CI/CD pipeline for PowerShell

One of the first step I took in the PowerShell journey of my team, and the topic of this post, was to address the need for a Continuous Integration and Delivery (CI/CD) pipeline for our PowerShell modules. Since the modules are built, published and consumed by our internal company infrastructure, there are some nuances that I had to account for when designing our approach for the pipeline. Having a well-defined, rock-solid CI/CD pipeline becomes a must-have as PowerShell develops into a key tool in our automations and processes.

Currently, the PowerShell pipeline has the following goals:

  • Install the module dependencies
  • Validate PowerShell code syntax
  • Run static code checker
  • Run tests in order of complexity: unit tests, then component tests, etc.
  • Package the module to be published

Before we begin

Some of the concepts and techniques that we are going to cover on this post are not necessarily at a beginner's level; it is intended for those already familiar with PowerShell, instead.

The implementation that we discuss below, builds mainly on existing work and knowledge shared by Kevin Marquette, Warren Frame and Mark Kraus. If you need to cover some ground on PowerShell modules and pipelines, you should checkout first the following posts:

You're back! Awesome, let's first cover some of the dependencies that we use to build the pipeline with.

Modules in use

To run the pipeline, we use several modules from the community, as well as some developed internally, that facilitate achieving the goals outlined for our system earlier in this post.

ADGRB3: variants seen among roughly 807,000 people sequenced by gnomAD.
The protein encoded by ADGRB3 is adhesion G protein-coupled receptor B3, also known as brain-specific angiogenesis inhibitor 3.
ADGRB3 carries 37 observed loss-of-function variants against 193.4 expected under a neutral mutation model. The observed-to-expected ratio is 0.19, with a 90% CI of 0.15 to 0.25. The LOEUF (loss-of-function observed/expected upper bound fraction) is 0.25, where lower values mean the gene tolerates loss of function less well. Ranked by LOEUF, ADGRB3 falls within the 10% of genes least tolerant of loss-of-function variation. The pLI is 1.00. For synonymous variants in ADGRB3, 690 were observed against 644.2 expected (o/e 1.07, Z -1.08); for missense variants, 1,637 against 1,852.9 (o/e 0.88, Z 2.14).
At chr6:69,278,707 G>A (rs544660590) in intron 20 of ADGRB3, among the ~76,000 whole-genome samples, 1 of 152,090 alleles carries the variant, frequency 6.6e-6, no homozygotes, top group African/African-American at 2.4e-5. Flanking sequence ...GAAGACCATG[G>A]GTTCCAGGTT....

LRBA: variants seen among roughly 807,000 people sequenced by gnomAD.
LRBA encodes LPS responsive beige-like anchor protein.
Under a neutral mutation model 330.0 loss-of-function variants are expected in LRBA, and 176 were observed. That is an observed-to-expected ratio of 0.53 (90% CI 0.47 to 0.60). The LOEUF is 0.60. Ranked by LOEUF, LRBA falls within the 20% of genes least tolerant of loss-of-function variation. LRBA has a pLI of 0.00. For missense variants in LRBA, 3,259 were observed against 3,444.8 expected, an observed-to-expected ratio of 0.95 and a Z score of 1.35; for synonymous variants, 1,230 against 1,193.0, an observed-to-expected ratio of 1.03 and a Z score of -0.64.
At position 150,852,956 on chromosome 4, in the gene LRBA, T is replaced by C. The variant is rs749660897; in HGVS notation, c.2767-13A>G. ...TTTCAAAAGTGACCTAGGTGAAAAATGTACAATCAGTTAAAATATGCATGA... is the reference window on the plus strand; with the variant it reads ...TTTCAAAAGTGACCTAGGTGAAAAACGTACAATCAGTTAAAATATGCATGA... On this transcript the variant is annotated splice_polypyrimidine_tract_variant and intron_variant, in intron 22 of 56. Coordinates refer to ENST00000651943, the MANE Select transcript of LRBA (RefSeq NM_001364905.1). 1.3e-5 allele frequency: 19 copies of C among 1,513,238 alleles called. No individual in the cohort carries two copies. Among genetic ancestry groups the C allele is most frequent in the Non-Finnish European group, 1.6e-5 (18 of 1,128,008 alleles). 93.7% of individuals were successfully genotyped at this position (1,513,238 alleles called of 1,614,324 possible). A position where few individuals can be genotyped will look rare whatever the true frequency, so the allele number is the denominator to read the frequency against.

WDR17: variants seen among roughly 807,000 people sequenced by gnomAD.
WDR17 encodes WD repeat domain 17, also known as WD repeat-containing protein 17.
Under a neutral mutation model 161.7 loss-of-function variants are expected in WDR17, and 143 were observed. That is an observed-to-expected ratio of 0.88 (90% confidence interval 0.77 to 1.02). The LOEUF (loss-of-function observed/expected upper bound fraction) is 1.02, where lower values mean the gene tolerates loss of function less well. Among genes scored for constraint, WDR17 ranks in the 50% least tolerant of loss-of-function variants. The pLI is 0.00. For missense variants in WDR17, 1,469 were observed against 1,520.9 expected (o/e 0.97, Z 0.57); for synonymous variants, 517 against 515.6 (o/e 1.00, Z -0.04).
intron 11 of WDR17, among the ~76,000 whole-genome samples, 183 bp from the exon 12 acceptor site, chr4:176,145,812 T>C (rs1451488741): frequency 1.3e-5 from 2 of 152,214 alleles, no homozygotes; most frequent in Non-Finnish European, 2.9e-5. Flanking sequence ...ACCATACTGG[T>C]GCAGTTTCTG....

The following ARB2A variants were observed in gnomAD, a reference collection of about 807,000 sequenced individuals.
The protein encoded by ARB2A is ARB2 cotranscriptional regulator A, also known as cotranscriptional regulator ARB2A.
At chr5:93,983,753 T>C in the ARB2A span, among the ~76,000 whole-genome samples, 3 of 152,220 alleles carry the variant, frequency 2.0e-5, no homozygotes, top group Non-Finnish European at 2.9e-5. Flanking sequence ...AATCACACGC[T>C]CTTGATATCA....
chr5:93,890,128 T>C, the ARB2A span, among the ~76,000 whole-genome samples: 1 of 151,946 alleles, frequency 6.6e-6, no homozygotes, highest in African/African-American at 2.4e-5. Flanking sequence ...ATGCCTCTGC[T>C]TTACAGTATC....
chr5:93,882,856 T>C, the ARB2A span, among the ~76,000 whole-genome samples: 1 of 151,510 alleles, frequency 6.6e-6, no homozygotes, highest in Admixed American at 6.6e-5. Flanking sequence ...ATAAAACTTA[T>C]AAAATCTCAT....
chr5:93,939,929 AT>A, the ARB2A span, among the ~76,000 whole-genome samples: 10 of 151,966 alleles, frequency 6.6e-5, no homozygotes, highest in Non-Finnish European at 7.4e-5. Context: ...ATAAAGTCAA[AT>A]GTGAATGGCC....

Community modules

As I mentioned them in a previous post about PowerShell, these modules are among the building blocks for any serious endeavors in PowerShell, well at least for me :).

Besides these excellent PowerShell modules, we use an in-house module to generate a .nupkg file for the current module in the pipeline, so it can be stored to Artifactory, which act as our internal PowerShell gallery.

Pipeline

The pipeline is composed of two main components: a PowerShell implementation, that handles everything from validating the code, running tests and packaging the module; and the Jenkins component, that oversees the whole CI/CD starting from Git, passing through the PowerShell pipeline and ending it with the deployment to Artifactory.

This separation was drawn by our infrastructure itself, which only allows to publish to Artifactory repositories from our internal Jenkins servers. Enforcing this separation allows contributors to run the majority of the pipeline on their local boxes, thus improving the feedback cycle, quality and productivity.

PowerShell

The PowerShell component of the pipeline handles the following tasks: